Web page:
Today, 23 October, Institute for Reporters’ Freedom and Safety Chairman Emin Huseynov met with Tina S. Kaidanow, Deputy Assistant Secretary, Bureau of European and Eurasian Affairs of the U.S. Department of State, who is visiting Baku. E.Huseynov submitted an appeal to T.Kaidanow regarding the situation of human rights and freedom of speech.

Full text of the appeal:

Dear Ms. Kaidanow,

I am writing to express my grave concern to you about the severe deteriorations occurring in Azerbaijan in the sphere of human rights, and specifically freedom of expression.

As you are likely aware, the broadcasts of three radio stations – Radio Free Europe/Radio Liberty (RFERL), Voice of America (VOA), and the British Broadcasting Company (BBC) via FM radio frequencies in Azerbaijan were banned as of 1 January of this year. As these radio stations were the only independent broadcast media outlets in the country, Azeri residents are now deprived of uncomplicated access to balanced, objective information.

The murder of "Monitor" Magazine Editor-in-Chief Elmar Huseynov, who was shot to death in front of his apartment on 2 March 2005, remains unsolved. In addition, just this past August, journalist Novruzali Mammedov died in prison because prison officials deprived him adequate medical care, turning his politically motivated, unjustified prison term into a death sentence.

At present there are five wrongfully imprisoned journalists in Azerbaijan. Every second they remain in prison the odds increase that they will meet the same fate as Novruzali Mammadov. Eynulla Fatullayev, Ganimat Zahid, and Mushfig Huseynov were convicted on spurious charges and were sentenced to lengthy prison terms. Sardar Alibeyli (Aliyev) and Faramaz Novruzoglu (Allahverdiyev) were convicted of defamation charges and were sentenced to four months and three months imprisonment respectively.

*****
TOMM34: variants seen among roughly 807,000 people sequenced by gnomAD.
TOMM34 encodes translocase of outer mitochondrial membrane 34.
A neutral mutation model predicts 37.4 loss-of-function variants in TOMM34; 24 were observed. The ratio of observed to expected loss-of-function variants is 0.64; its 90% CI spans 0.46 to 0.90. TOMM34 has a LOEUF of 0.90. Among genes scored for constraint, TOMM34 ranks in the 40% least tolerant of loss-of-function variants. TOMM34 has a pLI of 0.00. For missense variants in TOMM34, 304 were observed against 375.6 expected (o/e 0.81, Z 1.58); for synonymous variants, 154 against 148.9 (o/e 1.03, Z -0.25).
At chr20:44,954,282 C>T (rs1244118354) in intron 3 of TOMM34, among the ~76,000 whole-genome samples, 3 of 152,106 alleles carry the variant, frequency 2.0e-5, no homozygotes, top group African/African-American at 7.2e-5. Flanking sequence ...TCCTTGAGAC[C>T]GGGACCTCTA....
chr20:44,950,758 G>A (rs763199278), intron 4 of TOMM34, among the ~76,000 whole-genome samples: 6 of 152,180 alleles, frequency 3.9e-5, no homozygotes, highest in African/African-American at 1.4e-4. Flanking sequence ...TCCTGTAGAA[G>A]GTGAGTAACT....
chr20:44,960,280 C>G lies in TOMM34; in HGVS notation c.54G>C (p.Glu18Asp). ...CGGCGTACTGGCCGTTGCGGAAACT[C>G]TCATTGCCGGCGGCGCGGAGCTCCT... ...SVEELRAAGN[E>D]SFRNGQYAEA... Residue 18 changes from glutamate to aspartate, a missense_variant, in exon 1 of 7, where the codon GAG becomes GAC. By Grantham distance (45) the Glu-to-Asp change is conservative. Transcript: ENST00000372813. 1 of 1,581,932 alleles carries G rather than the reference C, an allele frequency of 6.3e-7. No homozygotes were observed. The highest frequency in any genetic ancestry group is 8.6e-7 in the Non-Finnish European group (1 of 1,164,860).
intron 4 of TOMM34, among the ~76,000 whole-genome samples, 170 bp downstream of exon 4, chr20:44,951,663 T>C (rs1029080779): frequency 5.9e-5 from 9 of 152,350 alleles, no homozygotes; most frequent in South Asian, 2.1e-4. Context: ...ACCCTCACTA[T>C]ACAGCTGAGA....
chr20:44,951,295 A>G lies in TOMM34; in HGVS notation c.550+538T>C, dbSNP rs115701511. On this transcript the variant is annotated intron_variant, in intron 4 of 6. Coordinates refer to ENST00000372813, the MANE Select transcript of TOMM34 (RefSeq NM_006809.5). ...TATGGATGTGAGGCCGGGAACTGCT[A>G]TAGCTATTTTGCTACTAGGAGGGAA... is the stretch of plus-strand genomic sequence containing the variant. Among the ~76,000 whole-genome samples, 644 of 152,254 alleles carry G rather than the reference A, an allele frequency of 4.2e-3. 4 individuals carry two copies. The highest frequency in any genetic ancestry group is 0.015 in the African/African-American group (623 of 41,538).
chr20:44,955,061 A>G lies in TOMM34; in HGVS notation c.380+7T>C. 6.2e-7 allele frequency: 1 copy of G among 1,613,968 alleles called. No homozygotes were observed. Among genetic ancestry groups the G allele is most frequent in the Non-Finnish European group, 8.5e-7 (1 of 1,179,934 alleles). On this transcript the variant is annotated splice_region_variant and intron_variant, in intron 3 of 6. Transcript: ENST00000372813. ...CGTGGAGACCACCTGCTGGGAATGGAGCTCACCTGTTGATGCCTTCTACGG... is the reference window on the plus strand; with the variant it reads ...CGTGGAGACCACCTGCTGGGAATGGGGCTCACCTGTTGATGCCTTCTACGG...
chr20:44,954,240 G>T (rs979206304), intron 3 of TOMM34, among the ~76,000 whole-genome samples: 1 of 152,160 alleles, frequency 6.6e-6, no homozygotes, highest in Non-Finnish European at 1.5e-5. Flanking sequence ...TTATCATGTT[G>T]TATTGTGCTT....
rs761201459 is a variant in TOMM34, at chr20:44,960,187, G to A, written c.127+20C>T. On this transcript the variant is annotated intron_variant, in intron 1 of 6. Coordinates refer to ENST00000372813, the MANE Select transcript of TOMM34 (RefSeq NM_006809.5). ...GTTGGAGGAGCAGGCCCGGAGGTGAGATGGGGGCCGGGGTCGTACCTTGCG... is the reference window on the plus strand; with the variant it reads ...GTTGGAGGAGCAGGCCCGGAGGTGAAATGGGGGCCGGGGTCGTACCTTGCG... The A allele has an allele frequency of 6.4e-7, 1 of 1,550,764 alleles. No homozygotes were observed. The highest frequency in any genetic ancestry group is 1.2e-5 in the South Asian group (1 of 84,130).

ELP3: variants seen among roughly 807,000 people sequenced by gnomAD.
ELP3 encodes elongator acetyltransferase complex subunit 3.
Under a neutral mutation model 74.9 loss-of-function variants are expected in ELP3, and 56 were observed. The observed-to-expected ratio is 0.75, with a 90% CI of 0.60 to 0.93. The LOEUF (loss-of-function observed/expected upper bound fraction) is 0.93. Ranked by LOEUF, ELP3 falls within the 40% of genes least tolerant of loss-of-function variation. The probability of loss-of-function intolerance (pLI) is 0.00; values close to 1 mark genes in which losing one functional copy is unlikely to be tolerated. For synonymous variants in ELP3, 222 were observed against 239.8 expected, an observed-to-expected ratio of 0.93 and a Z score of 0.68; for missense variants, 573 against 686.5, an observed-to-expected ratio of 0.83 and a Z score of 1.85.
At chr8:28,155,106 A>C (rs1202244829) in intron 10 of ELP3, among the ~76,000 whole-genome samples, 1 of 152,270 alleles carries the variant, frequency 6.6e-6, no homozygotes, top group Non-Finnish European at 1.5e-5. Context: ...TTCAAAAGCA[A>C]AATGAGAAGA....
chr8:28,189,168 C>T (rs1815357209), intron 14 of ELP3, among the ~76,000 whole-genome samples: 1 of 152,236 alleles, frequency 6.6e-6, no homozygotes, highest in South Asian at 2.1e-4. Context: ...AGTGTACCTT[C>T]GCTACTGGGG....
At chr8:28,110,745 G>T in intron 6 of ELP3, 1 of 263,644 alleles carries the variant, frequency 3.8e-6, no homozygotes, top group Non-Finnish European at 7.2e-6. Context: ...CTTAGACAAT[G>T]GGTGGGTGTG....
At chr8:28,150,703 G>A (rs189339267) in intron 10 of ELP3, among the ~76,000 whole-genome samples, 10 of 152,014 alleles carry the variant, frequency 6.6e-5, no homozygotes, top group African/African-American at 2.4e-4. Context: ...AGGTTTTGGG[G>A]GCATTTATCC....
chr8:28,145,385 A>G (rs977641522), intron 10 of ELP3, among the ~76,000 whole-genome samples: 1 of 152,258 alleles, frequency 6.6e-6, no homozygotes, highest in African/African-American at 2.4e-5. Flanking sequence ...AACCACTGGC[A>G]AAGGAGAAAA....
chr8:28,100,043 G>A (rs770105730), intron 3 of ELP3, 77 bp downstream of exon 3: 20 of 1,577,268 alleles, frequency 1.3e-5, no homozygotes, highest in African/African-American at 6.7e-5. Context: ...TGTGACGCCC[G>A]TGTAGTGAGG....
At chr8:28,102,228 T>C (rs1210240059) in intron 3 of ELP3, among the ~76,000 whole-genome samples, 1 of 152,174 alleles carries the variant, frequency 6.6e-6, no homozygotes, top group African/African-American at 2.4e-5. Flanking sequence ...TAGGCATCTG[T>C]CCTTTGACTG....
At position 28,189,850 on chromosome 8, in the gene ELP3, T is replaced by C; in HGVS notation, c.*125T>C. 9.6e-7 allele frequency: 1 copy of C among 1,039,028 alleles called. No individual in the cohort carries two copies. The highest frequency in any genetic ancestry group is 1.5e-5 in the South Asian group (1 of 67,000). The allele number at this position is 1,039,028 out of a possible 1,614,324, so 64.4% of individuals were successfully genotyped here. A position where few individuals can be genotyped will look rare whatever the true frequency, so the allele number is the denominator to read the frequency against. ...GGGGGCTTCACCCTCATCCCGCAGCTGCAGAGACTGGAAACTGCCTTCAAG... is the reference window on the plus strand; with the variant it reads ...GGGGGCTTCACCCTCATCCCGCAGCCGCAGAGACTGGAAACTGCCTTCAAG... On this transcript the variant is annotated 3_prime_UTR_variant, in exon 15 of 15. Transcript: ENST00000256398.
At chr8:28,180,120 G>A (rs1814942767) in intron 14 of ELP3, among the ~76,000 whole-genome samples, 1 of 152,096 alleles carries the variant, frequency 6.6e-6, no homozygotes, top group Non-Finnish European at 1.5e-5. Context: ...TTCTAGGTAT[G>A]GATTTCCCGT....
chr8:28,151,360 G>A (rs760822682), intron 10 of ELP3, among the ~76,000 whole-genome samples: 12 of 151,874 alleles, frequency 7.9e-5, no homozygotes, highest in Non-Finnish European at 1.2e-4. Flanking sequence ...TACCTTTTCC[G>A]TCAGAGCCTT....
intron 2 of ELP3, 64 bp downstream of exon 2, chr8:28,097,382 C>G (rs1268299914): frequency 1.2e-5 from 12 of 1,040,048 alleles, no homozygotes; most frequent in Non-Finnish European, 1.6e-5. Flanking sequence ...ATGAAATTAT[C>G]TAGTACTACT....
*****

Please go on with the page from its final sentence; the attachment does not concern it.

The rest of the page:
Furthermore, two young bloggers – “Alumni Network” Youth Organization Coordinator, AN Online Television Head Emin Milli (Abdullayev) and OL Youth Organization co-coordinator Adnan Hajizade are being held in pre-trial detention and could receive lengthy prison sentences because of critical material about Azerbaijan’s government they placed on the internet. They were arrested on spurious “hooliganism” charges and at present the court is considering their case.

Another way the government has sought to limit freedom of expression is by limiting the legal framework within which the media and activists work. The 18 March 2009 additions and amendments to the Constitution of the Azerbaijan Republic, 6 March 2009 additions and amendments to the Mass Media Law, 3 April 2009 additions and amendments to the TV and Radio Broadcasting Law, and 30 June 2009 additions and amendments to NGO (Public Unions and Funds) Law are all aimed at curtailing the work of Azerbaijan’s mass media and civil society.

In general the work of journalists in Azerbaijan is becoming increasingly perilous due to government interference, the wanton use of force by police and law enforcement officials against reporters, death threats that the government and telecommunications companies let occur with impunity, and the constant danger of arrest, assault, and even murder.

In light of these facts, I kindly ask that you to bring these issues up during your meetings with representatives of Azerbaijan’s government and encourage them to work to eliminate these negative trends and ensure freedom of expression in Azerbaijan. In addition, I request that you report these issues to the appropriate officials in the U.S. government upon returning and ask them to make every effort to compel the Azeri government to swiftly resolve these issues.


 Emin Huseynov

Chairman, Institute for Reporters’ Freedom and Safety

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